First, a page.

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It’s hard to imagine a more core responsibility of local government than law enforcement and fire protection. More than half the city of San Diego’s $1.1 billion day-to-day budget goes toward public safety and the City Charter even enshrines police services as the city’s top priority.

Yet aside from a brief flurry of interest earlier this month, San Diego’s two mayoral candidates have largely ignored the issue.

“There’s no sort of thought that’s going into this at all,” said Joshua Chanin, a public affairs professor who specializes in urban policing at San Diego State University.

Instead, Carl DeMaio and Bob Filner have focused most of the campaign on issues where they’re unlikely to make a significant impact.

Take job creation. State and national trends, economists say, by and large drive economic development — not city policies. San Diego’s mayor also has no formal role in K-12 public education. Yet both Carl DeMaio and Bob Filner have put jobs and schools front and center in their platforms.

If Filner and DeMaio aren’t focusing on public safety, it’s likely because voters aren’t, either. A public poll U-T San Diego sponsored last week found jobs and education are voters’ top issues in the mayor’s race. Thirty-two percent of those surveyed deemed the economy the most significant issue. Schools were right behind with 27 percent. Crime tied for a distant sixth in the poll; only 3 percent of respondents named it their highest priority.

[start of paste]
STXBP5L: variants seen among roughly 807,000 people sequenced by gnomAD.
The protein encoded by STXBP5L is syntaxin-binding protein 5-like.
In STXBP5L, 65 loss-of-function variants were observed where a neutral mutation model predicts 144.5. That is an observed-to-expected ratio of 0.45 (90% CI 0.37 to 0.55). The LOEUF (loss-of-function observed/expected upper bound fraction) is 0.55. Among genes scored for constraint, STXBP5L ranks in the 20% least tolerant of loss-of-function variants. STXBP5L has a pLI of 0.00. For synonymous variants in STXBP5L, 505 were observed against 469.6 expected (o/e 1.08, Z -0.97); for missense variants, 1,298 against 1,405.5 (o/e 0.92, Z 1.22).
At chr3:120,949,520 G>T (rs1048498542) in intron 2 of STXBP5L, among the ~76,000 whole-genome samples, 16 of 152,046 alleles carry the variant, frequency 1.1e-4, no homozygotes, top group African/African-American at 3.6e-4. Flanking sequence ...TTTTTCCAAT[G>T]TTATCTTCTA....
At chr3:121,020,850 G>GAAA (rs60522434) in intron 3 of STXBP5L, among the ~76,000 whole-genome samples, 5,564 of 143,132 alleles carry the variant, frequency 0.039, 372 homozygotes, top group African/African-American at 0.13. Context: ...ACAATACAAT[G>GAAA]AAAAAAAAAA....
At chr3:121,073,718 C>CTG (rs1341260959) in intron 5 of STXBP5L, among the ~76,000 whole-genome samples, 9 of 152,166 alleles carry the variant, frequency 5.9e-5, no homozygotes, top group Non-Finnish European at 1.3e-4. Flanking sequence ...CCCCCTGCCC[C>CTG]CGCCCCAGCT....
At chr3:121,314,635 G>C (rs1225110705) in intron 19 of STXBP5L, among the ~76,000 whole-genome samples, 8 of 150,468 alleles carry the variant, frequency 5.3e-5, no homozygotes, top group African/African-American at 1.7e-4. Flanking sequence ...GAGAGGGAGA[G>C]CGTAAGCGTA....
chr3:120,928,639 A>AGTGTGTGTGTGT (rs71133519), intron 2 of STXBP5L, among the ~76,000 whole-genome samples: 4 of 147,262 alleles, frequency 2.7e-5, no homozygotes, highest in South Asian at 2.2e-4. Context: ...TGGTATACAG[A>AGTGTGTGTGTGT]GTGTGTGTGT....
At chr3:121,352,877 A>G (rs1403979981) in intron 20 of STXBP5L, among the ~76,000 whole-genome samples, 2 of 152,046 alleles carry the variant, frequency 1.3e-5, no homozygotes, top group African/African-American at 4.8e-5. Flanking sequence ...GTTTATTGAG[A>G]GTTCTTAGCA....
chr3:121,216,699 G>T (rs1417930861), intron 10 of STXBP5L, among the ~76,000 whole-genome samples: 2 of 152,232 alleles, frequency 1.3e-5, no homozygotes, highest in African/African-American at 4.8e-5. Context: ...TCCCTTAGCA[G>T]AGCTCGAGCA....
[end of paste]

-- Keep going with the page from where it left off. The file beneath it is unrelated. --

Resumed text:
San Diego’s low crime rate could explain why public safety doesn’t register as a top concern for voters. Last year, law enforcement agencies from the nation’s 15 largest cities reported about 380 major crimes per 10,000 residents. In San Diego, the nation’s eighth largest city, police reported about 260.

But San Diego does have major public safety issues to consider:

Police Misconduct and Favoritism. The department had a series of high-profile cases in 2011, most seriously a traffic cop who received more than eight years in state prison for soliciting sexual bribes while on duty. The cases highlighted problems with departmental oversight. More recently, the department has faced allegations of favoritism in the handling of an incident involving a police captain’s son and ticket fixing for a deputy district attorney.

A New Top Cop. Filner has committed to keeping current Chief William Lansdowne. DeMaio said he’d decide on Lansdowne’s future once elected. Regardless, Landsdowne is 68 years old and unlikely to stay for the next mayor’s full term. Fire Chief Javier Mainar’s fate is uncertain, too. Filner’s campaign didn’t immediately respond to a request for comment on Mainar and DeMaio said he won’t discuss staffing until after the election. DeMaio and Mainar had a notable run-in two years ago when the chief accused DeMaio of “lying about my department” over a pay boost rank-and-file firefighters receive above their base salaries.

Community Policing. San Diego used to be an international leader in “community policing,” which focuses on crime prevention as much as crime response. Now the department has conceded it moved away from that approach during the city’s pension and financial crises.